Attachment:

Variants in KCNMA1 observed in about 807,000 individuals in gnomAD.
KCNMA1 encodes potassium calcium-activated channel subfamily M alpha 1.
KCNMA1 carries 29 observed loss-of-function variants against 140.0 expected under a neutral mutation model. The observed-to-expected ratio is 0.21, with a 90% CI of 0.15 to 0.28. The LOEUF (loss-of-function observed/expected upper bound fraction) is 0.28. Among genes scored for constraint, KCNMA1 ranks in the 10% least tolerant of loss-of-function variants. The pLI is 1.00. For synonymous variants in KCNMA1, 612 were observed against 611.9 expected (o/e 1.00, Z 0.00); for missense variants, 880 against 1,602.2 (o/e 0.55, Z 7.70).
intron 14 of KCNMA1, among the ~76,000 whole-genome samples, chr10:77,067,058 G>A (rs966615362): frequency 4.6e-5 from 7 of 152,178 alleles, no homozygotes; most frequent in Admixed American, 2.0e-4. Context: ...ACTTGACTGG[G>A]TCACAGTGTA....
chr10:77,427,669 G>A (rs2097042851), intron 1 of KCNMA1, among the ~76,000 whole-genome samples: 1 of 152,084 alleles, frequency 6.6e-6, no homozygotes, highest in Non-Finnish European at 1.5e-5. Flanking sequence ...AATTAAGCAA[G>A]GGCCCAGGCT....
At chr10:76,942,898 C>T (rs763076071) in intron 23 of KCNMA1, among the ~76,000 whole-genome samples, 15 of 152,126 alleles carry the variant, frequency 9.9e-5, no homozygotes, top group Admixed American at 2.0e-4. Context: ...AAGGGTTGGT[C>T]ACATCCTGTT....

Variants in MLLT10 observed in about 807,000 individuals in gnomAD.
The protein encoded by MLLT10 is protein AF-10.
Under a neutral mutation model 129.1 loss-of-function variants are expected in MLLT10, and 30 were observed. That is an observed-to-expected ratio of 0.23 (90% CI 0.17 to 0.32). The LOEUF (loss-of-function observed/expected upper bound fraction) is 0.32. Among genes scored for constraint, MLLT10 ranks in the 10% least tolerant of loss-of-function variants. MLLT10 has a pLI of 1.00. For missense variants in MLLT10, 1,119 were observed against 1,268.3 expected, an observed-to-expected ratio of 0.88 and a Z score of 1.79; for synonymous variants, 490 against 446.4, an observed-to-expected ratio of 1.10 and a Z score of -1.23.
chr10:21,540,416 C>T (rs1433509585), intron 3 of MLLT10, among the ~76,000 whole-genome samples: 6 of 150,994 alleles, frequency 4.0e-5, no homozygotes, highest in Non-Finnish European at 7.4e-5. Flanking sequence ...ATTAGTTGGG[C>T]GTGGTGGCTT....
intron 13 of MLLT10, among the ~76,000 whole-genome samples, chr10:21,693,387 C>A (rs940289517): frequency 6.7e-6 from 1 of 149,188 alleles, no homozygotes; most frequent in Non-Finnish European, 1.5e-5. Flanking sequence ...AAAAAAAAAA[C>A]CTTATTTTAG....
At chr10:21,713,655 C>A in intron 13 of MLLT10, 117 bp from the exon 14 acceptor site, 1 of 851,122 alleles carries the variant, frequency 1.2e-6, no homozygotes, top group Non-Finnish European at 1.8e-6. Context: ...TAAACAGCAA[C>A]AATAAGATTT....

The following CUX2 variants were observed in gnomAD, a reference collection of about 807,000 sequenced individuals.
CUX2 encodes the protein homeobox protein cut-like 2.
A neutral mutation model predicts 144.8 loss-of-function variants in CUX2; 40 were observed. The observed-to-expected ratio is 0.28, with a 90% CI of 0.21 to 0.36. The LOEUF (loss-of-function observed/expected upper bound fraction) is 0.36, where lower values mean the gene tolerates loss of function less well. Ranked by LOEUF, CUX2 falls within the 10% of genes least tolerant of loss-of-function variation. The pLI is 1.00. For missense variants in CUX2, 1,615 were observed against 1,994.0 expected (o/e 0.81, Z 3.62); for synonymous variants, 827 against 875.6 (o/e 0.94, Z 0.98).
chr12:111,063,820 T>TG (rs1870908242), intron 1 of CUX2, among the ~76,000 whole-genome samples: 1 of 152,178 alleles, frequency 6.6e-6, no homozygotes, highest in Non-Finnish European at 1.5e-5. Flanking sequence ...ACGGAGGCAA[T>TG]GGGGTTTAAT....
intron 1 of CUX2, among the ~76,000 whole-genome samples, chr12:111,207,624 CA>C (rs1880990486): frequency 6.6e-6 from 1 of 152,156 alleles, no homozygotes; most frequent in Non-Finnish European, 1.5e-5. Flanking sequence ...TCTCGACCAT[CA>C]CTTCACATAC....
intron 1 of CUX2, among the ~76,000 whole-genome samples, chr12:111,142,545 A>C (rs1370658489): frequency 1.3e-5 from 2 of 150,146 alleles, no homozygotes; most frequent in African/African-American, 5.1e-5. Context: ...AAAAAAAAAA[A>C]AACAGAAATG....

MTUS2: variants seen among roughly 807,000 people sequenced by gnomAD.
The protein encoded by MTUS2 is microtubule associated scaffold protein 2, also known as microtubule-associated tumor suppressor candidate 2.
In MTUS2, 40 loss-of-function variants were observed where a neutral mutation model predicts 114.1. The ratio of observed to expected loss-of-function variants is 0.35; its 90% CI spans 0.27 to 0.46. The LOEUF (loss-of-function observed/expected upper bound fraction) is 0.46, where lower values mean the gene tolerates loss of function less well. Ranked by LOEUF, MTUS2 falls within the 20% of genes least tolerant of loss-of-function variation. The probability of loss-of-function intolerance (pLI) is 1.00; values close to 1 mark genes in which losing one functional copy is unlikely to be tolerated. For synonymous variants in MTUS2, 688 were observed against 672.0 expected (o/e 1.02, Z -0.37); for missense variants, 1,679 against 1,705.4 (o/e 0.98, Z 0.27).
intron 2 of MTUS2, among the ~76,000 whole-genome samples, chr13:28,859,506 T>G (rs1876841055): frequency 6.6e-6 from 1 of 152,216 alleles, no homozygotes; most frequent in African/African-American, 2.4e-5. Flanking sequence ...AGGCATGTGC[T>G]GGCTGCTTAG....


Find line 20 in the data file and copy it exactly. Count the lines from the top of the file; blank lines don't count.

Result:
The protein encoded by MTUS2 is microtubule associated scaffold protein 2, also known as microtubule-associated tumor suppressor candidate 2.